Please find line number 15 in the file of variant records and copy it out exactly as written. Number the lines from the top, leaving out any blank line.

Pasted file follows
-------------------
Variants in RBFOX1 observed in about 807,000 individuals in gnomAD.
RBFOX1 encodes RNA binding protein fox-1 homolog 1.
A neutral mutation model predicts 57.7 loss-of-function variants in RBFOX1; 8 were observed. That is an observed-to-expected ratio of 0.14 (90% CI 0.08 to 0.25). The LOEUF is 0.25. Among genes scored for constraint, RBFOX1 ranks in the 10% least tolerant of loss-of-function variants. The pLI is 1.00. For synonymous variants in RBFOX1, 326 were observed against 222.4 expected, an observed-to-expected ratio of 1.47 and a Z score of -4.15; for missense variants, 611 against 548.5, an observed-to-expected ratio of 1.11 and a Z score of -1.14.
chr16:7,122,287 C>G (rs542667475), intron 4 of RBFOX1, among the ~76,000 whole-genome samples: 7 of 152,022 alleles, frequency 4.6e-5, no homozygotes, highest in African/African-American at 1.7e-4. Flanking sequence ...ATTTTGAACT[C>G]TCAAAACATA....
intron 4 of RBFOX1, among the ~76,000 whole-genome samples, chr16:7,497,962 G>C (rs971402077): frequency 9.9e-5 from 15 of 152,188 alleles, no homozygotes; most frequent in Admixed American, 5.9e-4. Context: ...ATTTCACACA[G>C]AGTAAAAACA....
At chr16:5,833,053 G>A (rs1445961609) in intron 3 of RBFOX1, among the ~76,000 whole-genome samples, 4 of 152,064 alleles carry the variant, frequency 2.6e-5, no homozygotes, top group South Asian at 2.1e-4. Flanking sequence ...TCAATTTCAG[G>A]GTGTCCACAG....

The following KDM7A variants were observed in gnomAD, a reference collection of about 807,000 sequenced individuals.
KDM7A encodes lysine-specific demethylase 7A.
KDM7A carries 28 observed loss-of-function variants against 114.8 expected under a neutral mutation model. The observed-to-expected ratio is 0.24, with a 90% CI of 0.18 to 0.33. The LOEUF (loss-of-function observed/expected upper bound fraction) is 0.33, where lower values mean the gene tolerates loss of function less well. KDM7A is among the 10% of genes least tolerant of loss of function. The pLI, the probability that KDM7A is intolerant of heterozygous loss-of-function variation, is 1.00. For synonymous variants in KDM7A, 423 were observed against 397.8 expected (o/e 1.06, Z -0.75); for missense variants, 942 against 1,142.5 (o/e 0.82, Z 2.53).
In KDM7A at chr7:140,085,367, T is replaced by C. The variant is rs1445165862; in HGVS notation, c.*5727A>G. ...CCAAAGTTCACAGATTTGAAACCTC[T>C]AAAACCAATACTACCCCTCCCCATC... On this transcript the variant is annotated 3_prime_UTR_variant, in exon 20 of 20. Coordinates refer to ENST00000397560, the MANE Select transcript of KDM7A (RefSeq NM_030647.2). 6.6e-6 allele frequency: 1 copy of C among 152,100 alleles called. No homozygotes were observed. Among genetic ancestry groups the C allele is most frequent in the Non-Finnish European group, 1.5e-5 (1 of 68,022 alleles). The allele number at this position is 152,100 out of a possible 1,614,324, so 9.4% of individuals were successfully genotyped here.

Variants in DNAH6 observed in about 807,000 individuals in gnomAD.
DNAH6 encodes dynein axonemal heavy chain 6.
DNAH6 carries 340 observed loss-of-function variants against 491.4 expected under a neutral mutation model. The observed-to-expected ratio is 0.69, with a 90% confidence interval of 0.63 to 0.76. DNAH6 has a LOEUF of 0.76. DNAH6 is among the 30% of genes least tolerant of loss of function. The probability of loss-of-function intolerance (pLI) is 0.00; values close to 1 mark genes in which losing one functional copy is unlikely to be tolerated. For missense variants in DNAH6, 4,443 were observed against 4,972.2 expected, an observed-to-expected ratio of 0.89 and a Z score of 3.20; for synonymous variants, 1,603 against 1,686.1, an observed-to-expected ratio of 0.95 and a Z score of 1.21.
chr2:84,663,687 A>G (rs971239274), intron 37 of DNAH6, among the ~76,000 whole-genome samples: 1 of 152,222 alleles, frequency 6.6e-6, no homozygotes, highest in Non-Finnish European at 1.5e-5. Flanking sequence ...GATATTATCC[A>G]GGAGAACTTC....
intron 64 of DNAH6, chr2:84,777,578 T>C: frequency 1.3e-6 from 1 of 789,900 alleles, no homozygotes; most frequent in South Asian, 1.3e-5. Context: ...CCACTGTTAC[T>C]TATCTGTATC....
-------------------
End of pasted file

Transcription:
intron 64 of DNAH6, chr2:84,777,578 T>C: frequency 1.3e-6 from 1 of 789,900 alleles, no homozygotes; most frequent in South Asian, 1.3e-5. Context: ...CCACTGTTAC[T>C]TATCTGTATC....